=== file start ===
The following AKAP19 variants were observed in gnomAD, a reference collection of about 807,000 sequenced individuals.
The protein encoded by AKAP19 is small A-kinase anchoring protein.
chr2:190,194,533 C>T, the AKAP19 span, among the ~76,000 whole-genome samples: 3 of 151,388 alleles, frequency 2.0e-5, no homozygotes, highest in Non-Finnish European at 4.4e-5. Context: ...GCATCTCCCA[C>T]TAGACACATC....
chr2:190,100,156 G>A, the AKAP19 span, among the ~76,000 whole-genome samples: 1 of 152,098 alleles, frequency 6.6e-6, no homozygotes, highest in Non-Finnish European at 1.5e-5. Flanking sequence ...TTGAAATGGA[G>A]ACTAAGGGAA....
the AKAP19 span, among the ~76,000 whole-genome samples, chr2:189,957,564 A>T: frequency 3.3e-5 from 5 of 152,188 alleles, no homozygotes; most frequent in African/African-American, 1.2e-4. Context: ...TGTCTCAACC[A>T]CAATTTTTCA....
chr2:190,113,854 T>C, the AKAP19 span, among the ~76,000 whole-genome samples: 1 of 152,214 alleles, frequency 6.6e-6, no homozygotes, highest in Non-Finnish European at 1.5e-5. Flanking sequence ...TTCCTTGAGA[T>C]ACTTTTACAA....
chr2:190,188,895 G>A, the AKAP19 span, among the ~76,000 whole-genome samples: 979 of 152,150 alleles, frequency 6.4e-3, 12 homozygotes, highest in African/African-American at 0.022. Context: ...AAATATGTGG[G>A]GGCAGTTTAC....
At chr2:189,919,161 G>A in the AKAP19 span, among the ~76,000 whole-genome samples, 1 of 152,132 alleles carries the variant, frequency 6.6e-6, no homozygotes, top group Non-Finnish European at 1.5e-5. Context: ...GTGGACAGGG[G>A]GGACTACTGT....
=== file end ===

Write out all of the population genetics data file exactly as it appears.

The following AKAP19 variants were observed in gnomAD, a reference collection of about 807,000 sequenced individuals.
The protein encoded by AKAP19 is small A-kinase anchoring protein.
chr2:190,194,533 C>T, the AKAP19 span, among the ~76,000 whole-genome samples: 3 of 151,388 alleles, frequency 2.0e-5, no homozygotes, highest in Non-Finnish European at 4.4e-5. Context: ...GCATCTCCCA[C>T]TAGACACATC....
chr2:190,100,156 G>A, the AKAP19 span, among the ~76,000 whole-genome samples: 1 of 152,098 alleles, frequency 6.6e-6, no homozygotes, highest in Non-Finnish European at 1.5e-5. Flanking sequence ...TTGAAATGGA[G>A]ACTAAGGGAA....
the AKAP19 span, among the ~76,000 whole-genome samples, chr2:189,957,564 A>T: frequency 3.3e-5 from 5 of 152,188 alleles, no homozygotes; most frequent in African/African-American, 1.2e-4. Context: ...TGTCTCAACC[A>T]CAATTTTTCA....
chr2:190,113,854 T>C, the AKAP19 span, among the ~76,000 whole-genome samples: 1 of 152,214 alleles, frequency 6.6e-6, no homozygotes, highest in Non-Finnish European at 1.5e-5. Flanking sequence ...TTCCTTGAGA[T>C]ACTTTTACAA....
chr2:190,188,895 G>A, the AKAP19 span, among the ~76,000 whole-genome samples: 979 of 152,150 alleles, frequency 6.4e-3, 12 homozygotes, highest in African/African-American at 0.022. Context: ...AAATATGTGG[G>A]GGCAGTTTAC....
At chr2:189,919,161 G>A in the AKAP19 span, among the ~76,000 whole-genome samples, 1 of 152,132 alleles carries the variant, frequency 6.6e-6, no homozygotes, top group Non-Finnish European at 1.5e-5. Context: ...GTGGACAGGG[G>A]GGACTACTGT....